Healthcare Reform Blog

Fresh U.S. healthcare insights from expert analysts on Healthcare Reform, ACOs, Exchanges, Medicaid, Medicare, regional and national trends…and much more
Bill MelvilleContributor: Bill Melville
Topics: exchanges, Washington, premiums

Forget about taking a deep, relaxing breath at the end of 2014’s open enrollment in the exchanges. Before anything from 2014 has settled, 2015 is already knocking at the front door.
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Posted on: 5/28/2014 10:28:57 AM

Chris LewisContributor: Chris Lewis
Topics: Sovaldi, hepatitis C, Gilead, Olysio

You know a pill is powerful when it brings the nation’s healthcare leaders into one room to debate its broad implications for U.S. health policy.

The lightning rod is Sovaldi, the new hepatitis C wonder drug that, at $1,000 a pill, has every payer in the country quaking in its boots about how to pay for it.

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Posted on: 5/27/2014 9:19:55 AM

Chris LewisContributor: Chris Lewis
Topics: asthma, exchanges, formularies

With 2014 approaching the halfway mark, health plans are already turning their attention to next year’s qualified health plans—and that means determining drug formularies for 2015. Payers’ continual challenge is balancing the need to control costs in the exchange environment with their members’ ability to get the drugs they need at a cost that does not deter adherence.

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Posted on: 5/20/2014 8:47:48 AM

Louis ManningContributor: Louis Manning
Topics: Hospital formularies

It’s a common experience for frustrated patients across the country. They receive treatment in the hospital or undergo an expensive medical procedure, and then the bill comes with a litany of unexpected charges.
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Posted on: 5/15/2014 1:03:05 PM

Bill MelvilleContributor: Bill Melville
Topics: Exchanges, ACA

Cover Oregon, we hardly knew ye.

That’s primarily because the site never worked properly or enrolled a single Oregonian for 2014 coverage. Now the state is getting out of the health exchange business.
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Posted on: 4/25/2014 4:19:49 PM

Ric GrossContributor: Ric Gross
Topic: ACA, Massachusetts, exchanges

When it comes to healthcare reform in Massachusetts, a line from the classic Grateful Dead song, “Truckin’,” comes to mind—“What a long, strange trip its’ been.”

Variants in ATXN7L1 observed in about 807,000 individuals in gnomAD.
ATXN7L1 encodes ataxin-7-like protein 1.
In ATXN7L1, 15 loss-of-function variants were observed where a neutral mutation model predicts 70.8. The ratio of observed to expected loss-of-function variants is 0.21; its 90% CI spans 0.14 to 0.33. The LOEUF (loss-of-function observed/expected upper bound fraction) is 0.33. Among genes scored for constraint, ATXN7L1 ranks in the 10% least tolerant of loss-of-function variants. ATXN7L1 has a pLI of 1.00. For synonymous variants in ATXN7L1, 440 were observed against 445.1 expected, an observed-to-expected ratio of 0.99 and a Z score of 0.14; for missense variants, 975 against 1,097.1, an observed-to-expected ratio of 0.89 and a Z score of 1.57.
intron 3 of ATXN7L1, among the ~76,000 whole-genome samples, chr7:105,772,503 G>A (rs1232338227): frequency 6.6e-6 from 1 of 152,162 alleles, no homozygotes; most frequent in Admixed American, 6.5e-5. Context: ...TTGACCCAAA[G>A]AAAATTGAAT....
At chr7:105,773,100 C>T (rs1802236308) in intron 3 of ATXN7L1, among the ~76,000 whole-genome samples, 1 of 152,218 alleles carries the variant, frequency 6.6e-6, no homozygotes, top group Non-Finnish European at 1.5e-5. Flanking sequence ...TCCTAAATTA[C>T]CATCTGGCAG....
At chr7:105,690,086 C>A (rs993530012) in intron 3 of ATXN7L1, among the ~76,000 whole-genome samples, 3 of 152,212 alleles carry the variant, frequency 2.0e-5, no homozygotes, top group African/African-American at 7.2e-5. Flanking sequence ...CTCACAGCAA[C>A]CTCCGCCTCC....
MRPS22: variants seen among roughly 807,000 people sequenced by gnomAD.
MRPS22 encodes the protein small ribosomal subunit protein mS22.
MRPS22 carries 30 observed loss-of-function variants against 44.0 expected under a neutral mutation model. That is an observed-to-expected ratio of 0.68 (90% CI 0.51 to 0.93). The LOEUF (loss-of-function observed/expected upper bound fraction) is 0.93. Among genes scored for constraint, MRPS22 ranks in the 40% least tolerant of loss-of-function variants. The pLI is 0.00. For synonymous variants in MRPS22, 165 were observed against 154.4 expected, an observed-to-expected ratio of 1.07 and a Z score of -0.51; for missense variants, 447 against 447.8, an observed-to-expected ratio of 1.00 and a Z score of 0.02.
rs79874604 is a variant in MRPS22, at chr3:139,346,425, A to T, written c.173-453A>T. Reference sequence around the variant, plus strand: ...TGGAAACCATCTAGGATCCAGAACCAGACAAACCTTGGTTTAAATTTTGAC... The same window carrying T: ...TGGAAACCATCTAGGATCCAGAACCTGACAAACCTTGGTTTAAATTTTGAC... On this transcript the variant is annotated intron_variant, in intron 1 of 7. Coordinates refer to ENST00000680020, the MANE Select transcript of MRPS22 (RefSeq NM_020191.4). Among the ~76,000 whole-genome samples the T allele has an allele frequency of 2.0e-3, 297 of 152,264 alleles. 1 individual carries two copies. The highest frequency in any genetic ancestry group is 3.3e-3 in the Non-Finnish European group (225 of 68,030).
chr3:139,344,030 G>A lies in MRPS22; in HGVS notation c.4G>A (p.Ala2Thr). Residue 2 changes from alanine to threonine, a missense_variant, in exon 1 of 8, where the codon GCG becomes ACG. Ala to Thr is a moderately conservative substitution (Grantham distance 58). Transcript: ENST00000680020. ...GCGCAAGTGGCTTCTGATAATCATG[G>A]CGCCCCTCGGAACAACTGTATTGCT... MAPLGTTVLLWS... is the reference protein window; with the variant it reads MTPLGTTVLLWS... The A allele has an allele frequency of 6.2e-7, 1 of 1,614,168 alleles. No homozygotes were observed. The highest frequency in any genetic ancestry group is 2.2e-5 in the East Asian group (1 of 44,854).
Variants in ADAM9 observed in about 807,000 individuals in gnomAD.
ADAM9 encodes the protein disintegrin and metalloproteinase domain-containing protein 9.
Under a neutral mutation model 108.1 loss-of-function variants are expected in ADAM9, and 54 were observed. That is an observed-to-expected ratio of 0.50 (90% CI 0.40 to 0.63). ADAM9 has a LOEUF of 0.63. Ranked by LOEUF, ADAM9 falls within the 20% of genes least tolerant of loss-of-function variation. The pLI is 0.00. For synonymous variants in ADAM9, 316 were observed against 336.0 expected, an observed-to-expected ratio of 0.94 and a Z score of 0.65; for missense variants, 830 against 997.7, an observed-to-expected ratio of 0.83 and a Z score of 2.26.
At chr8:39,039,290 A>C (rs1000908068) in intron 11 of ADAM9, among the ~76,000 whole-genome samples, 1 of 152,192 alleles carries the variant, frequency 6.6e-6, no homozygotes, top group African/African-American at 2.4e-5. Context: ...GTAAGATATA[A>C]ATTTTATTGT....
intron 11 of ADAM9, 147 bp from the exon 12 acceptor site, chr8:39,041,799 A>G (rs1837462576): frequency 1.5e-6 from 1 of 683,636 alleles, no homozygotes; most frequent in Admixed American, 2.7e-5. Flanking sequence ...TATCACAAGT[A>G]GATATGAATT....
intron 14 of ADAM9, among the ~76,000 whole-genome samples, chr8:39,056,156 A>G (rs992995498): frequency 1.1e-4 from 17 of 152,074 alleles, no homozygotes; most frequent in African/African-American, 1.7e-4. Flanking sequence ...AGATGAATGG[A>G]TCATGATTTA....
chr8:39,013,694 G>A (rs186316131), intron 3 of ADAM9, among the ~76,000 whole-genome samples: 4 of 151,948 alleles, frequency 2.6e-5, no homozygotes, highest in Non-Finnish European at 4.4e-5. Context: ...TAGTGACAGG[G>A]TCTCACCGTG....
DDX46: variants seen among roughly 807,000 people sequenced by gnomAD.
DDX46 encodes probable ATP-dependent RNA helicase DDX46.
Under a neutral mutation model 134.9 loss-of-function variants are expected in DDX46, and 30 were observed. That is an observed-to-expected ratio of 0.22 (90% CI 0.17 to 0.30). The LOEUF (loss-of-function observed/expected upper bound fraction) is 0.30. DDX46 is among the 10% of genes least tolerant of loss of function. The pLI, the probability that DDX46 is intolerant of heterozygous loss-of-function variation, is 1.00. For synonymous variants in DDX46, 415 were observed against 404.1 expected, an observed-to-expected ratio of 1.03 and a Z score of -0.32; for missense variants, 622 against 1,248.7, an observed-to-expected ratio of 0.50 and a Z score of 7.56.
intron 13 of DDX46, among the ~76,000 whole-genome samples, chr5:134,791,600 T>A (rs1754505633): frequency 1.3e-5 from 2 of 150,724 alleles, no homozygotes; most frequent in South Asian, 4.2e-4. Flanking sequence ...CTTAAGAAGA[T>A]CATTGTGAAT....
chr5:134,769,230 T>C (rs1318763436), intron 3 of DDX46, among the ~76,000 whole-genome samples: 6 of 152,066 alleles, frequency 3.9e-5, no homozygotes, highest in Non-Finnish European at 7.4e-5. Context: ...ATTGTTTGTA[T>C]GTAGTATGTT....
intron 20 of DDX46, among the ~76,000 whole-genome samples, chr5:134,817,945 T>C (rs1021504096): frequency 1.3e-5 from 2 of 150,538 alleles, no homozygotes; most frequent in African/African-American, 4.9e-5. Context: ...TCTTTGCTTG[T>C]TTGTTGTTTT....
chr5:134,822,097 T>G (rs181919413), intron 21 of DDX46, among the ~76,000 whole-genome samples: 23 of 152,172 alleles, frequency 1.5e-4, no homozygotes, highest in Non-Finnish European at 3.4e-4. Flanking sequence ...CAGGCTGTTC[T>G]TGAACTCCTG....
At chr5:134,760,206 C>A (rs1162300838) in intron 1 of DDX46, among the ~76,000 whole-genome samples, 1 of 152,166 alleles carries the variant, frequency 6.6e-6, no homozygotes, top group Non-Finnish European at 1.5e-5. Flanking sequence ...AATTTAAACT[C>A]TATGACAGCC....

The saga began in April 2006 with a grandiose event at Boston’s Faneuil Hall, when Massachusetts’ then-governor, Republican Mitt Romney, signed the state’s near-universal healthcare law into effect. It was a made-for-TV event that certainly raised Romney’s profile as a ‘can-do’ governor.  A local headline read, “A Campaign Commercial in the Making.”  It was theorized that with the healthcare bill’s signing, Gov. Romney had given himself a significant legislative achievement whose coattails he could perhaps ride to the White House. A piece of bipartisan legislation enacted for the greater good—even some local Democrats were worried the spotlight was shining too brightly on Romney.
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Posted on: 4/23/2014 10:57:03 AM

Jacqueline CavnarContributor: Jacqueline Cavnar
Topics: Physicians, rural health, ACA

Long considered the equivalent of an NFL Draft Day for physicians, the National Resident Matching Program’s recent national match day ensured that more than 25,000 medical school graduates will pursue their training in primary care and specialty care. More than 40,000 physicians applied for nearly 30,000 positions.

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Posted on: 4/22/2014 10:10:56 AM

Jane DuboseContributor: Jane Dubose
Topic: pharmacy benefits, copay coupons

Last month, UnitedHealthcare went out on a limb with its decision to prohibit the use of copay coupons at retail settings for its commercial book of business (the coupons are not allowed for Medicaid and Medicare). Now, it appears the limb broke, and the company has essentially decided to backtrack. Read more.
Posted on: 4/15/2014 1:50:00 PM

Jane DuboseContributor: Jane Dubose
Topic: Copay coupons, pharma benefits, exchanges

Let’s imagine two cars speeding toward one another – in one car are branded manufacturers keen on protecting valuable drug franchises, and on the other are payers equally keen on tamping down drug costs, particularly on new specialty medications. Read more.
Posted on: 4/10/2014 3:47:50 PM

Lyda PhillipsContributor: Lyda Phillips
Topic: ACA, Massachusetts, healthcare costs, payment reform

The fundamental reasoning underpinning the Affordable Care Act is that having fewer uninsured people will ultimately lower healthcare costs for everyone. After all, those uninsured folks won’t be out there racking up medical claims that are eventually covered by everyone with insurance.

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Posted on: 4/10/2014 1:52:36 PM

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